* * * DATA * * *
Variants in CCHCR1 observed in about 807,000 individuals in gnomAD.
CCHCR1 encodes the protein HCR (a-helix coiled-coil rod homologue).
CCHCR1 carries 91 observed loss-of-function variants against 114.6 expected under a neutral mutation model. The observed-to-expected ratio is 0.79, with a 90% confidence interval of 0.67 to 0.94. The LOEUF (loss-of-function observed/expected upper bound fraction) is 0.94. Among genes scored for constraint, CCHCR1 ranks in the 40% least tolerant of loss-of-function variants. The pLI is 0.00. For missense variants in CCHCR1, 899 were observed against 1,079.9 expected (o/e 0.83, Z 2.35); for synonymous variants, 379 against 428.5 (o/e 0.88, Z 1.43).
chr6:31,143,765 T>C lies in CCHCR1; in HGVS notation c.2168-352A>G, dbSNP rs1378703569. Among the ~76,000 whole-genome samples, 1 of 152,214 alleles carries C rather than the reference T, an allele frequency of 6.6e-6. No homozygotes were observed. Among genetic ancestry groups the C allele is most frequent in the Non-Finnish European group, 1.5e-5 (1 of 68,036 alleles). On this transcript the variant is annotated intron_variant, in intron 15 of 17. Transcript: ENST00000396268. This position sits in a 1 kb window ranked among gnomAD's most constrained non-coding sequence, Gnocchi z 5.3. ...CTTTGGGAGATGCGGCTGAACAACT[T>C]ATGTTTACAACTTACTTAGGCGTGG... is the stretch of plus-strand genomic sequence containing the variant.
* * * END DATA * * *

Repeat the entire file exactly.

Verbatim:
Variants in CCHCR1 observed in about 807,000 individuals in gnomAD.
CCHCR1 encodes the protein HCR (a-helix coiled-coil rod homologue).
CCHCR1 carries 91 observed loss-of-function variants against 114.6 expected under a neutral mutation model. The observed-to-expected ratio is 0.79, with a 90% confidence interval of 0.67 to 0.94. The LOEUF (loss-of-function observed/expected upper bound fraction) is 0.94. Among genes scored for constraint, CCHCR1 ranks in the 40% least tolerant of loss-of-function variants. The pLI is 0.00. For missense variants in CCHCR1, 899 were observed against 1,079.9 expected (o/e 0.83, Z 2.35); for synonymous variants, 379 against 428.5 (o/e 0.88, Z 1.43).
chr6:31,143,765 T>C lies in CCHCR1; in HGVS notation c.2168-352A>G, dbSNP rs1378703569. Among the ~76,000 whole-genome samples, 1 of 152,214 alleles carries C rather than the reference T, an allele frequency of 6.6e-6. No homozygotes were observed. Among genetic ancestry groups the C allele is most frequent in the Non-Finnish European group, 1.5e-5 (1 of 68,036 alleles). On this transcript the variant is annotated intron_variant, in intron 15 of 17. Transcript: ENST00000396268. This position sits in a 1 kb window ranked among gnomAD's most constrained non-coding sequence, Gnocchi z 5.3. ...CTTTGGGAGATGCGGCTGAACAACT[T>C]ATGTTTACAACTTACTTAGGCGTGG... is the stretch of plus-strand genomic sequence containing the variant.